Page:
But, to rest this decision, solely, upon the fact that at least nominal damages would be recoverable, if plaintiffs make a submissible case of "bad faith", would be unsatisfactory and to leave the substantive question dangling, and I feel obliged to proceed to determine the question of whether payment of the unsatisfied judgment, or some part of it, must first be made before plaintiffs may recover anything more than nominal damages in this suit.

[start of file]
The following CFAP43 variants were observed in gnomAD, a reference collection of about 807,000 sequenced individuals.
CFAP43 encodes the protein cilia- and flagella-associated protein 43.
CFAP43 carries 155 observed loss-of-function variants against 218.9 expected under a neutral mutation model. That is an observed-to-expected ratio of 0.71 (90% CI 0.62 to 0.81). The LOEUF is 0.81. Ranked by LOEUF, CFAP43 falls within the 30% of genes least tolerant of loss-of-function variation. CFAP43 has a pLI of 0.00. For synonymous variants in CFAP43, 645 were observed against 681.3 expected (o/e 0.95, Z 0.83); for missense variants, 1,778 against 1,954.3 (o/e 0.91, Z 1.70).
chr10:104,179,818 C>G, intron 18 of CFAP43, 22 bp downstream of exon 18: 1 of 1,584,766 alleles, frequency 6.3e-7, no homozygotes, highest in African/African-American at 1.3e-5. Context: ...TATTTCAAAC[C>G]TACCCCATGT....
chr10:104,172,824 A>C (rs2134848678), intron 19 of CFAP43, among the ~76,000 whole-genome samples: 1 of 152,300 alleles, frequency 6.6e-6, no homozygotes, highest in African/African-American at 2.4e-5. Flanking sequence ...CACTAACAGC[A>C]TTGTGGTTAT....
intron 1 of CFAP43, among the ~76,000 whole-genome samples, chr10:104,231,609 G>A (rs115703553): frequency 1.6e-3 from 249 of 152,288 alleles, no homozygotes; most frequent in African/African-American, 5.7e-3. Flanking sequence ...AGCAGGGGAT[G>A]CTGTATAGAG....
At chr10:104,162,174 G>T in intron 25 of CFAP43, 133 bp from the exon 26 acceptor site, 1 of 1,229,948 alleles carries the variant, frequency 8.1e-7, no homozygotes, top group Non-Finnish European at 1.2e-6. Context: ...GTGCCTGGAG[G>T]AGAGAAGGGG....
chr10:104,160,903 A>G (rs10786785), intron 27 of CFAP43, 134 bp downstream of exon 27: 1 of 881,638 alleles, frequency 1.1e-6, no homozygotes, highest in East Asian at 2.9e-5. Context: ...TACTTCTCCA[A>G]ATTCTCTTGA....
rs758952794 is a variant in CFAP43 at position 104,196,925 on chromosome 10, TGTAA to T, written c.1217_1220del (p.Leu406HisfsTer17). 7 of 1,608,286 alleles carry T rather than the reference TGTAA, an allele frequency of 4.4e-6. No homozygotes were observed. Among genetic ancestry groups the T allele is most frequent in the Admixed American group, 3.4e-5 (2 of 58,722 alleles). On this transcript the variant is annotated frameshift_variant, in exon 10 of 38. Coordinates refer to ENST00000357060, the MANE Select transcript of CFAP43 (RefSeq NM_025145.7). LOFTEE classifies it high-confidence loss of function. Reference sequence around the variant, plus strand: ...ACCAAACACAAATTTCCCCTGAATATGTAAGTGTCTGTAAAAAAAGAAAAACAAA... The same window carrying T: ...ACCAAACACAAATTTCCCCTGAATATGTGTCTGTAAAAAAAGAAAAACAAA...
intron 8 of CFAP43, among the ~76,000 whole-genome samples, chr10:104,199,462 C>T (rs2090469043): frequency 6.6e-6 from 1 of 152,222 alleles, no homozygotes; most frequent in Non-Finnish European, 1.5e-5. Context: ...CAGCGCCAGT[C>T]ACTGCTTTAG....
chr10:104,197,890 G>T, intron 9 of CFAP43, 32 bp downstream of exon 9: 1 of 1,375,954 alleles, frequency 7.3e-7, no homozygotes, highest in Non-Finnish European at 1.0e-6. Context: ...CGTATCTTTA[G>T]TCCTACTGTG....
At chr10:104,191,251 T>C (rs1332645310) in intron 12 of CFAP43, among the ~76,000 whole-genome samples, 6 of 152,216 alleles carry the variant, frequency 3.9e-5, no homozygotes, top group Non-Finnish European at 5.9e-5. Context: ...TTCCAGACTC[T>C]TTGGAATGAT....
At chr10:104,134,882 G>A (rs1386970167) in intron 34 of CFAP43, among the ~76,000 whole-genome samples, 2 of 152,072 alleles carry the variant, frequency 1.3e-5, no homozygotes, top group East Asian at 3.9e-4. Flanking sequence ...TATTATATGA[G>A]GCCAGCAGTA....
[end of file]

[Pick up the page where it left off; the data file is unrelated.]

From briefs of counsel, and my research, I find that this question has been squarely raised and decided in only five jurisdictions in this country, and those holdings are in irreconcilable conflict. The Supreme Court of New Hampshire, in Dumas v. Hartford Accident & Indemnity Co., 92 N.H. 140, 26 A.2d 361, has held that payment of the judgment is a necessary prerequisite. The United States Court of Appeals, for the Fourth Circuit, dealt with the question in State Automobile Mut. Insurance Co. v. York, 104 F.2d 730, 734, but in what I believe to be an obiter statement, and citing no authority, saying "Furthermore, it does not appear that insured was in any way damaged by the company's refusal to settle, as he had not paid the judgment against him and testified that he never expected to pay it." (Emphasis mine.) Texas appears to have decided the question both ways. In Universal Automobile Insurance Co. v. Culberson, 126 Tex. 282, 86 S.W.2d 727, 87 S.W.2d 475, the Texas court, as I understand the case, held that payment of the judgment is a necessary condition precedent to recovery in a case like this. On the other hand, the Supreme Court of Wisconsin, in the case of Schwartz v. Norwich Union Indemnity Co., 212 Wis. 593, 250 N.W. 446, and the Court of Appeals of Tennessee, in the case of Southern Fire & Casualty Co. v. Norris, 35 Tenn.App. 657, 250 S.W.2d 785, and the Texas Courts of Civil Appeals, in American Indemnity Co. v. Fellbaum, Tex.Civ.App., 285 S.W. 873, and in General Accident, Fire, etc., Corp. v. Butler's Ice Cream Factory, Tex.Civ. App., 291 S.W. 674, and in Universal Automobile Insurance Co. v. Culberson, Tex.Civ.App., 54 S.W.2d 1061, have each held that the mere existence of the liability of the judgment sufficiently establishes the damage, and its measure, and that payment of the judgment is not a necessary prerequisite to recovery of damage from the insurer.